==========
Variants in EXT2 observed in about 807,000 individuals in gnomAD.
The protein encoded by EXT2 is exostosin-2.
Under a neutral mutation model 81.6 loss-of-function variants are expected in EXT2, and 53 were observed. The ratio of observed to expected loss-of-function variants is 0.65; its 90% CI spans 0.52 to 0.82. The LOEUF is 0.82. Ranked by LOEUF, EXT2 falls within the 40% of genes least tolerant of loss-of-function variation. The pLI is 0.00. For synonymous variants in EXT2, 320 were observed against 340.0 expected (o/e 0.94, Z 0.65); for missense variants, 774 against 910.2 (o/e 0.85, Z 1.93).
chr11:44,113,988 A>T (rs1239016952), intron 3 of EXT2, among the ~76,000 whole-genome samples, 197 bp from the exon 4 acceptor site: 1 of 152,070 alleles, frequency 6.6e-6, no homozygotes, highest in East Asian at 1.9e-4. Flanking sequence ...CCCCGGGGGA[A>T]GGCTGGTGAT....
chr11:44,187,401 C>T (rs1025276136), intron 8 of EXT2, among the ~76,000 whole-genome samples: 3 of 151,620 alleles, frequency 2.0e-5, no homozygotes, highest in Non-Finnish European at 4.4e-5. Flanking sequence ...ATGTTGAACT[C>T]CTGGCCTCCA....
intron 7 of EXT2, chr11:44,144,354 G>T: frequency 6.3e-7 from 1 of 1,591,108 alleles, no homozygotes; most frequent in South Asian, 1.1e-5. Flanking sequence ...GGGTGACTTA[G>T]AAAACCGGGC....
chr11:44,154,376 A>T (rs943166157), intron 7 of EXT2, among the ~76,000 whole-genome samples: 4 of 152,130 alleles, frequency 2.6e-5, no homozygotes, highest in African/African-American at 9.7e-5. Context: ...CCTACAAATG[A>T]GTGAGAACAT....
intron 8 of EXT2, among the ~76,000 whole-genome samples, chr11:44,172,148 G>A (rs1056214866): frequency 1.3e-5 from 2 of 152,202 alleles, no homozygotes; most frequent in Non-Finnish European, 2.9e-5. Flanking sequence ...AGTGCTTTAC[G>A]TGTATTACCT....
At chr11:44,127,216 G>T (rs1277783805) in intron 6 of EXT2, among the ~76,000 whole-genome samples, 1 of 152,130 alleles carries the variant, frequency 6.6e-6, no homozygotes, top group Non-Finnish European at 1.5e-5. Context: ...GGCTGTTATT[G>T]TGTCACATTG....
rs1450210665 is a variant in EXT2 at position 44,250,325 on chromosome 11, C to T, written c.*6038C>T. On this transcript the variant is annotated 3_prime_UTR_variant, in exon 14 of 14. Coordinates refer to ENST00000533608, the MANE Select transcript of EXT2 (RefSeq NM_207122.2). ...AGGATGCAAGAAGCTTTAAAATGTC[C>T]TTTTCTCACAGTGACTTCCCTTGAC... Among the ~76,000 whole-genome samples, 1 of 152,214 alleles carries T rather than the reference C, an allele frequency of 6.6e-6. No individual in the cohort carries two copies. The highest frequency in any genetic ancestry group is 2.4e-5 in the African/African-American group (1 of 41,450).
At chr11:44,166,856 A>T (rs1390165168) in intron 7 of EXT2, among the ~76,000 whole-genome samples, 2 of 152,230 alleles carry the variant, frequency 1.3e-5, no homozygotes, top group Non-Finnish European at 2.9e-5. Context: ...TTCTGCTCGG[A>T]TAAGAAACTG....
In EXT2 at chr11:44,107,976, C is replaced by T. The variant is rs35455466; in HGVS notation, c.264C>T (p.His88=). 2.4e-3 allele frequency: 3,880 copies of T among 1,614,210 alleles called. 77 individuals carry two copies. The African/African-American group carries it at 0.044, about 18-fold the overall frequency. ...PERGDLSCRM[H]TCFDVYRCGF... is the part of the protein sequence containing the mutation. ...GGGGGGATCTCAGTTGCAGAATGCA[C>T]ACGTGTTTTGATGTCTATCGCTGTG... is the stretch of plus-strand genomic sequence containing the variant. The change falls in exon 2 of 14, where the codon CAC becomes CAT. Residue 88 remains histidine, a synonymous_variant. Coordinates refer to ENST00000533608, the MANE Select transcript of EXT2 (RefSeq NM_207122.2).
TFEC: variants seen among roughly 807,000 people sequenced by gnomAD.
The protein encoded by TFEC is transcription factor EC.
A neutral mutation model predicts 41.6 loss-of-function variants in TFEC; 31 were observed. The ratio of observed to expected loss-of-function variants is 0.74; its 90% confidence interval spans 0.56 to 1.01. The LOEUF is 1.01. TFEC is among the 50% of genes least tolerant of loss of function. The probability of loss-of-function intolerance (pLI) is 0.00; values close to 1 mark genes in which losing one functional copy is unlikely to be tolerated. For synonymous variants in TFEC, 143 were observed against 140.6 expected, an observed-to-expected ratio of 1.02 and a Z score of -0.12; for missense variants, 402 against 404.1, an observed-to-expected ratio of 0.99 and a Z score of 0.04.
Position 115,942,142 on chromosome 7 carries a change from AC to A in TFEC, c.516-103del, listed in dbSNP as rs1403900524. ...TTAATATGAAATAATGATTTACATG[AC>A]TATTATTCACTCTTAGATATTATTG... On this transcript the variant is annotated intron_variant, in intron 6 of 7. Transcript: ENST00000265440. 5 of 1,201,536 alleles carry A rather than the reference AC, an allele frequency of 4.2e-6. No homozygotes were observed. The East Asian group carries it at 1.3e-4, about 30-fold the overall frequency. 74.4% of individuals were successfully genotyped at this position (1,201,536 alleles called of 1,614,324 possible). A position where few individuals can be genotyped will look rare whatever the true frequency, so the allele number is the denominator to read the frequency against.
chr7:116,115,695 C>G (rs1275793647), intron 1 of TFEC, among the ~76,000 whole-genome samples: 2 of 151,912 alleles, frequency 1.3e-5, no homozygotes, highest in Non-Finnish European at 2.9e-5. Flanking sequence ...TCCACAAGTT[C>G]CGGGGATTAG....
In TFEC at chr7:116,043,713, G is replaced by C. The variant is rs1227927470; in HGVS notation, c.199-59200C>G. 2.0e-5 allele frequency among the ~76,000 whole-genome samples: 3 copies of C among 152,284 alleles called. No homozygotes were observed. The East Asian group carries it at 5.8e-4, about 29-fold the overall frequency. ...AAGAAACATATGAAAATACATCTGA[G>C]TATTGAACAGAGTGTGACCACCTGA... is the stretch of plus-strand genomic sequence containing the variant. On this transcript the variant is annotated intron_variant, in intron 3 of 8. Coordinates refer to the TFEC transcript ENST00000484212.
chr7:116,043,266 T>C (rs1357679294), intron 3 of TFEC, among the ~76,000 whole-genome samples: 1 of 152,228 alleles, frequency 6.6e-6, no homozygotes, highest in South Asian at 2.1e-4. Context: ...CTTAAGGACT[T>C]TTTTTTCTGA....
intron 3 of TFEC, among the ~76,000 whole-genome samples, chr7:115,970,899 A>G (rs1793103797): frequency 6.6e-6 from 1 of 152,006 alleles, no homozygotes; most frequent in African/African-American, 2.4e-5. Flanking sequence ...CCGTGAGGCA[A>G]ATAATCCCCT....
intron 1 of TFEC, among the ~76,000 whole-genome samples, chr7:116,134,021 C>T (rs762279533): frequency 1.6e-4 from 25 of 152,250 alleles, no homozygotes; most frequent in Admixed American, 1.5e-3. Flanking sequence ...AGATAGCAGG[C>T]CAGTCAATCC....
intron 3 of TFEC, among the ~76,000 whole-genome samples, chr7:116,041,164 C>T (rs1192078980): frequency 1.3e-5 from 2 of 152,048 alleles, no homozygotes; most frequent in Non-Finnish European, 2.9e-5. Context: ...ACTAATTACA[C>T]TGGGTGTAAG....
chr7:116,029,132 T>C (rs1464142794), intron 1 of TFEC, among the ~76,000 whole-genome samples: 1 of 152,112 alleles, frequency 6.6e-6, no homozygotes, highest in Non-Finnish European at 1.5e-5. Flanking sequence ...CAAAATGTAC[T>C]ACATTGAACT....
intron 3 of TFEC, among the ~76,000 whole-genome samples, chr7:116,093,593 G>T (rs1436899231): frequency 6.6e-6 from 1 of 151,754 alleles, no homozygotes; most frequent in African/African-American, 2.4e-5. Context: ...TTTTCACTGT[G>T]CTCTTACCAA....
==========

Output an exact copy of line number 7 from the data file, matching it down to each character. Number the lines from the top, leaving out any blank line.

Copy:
chr11:44,154,376 A>T (rs943166157), intron 7 of EXT2, among the ~76,000 whole-genome samples: 4 of 152,130 alleles, frequency 2.6e-5, no homozygotes, highest in African/African-American at 9.7e-5. Context: ...CCTACAAATG[A>T]GTGAGAACAT....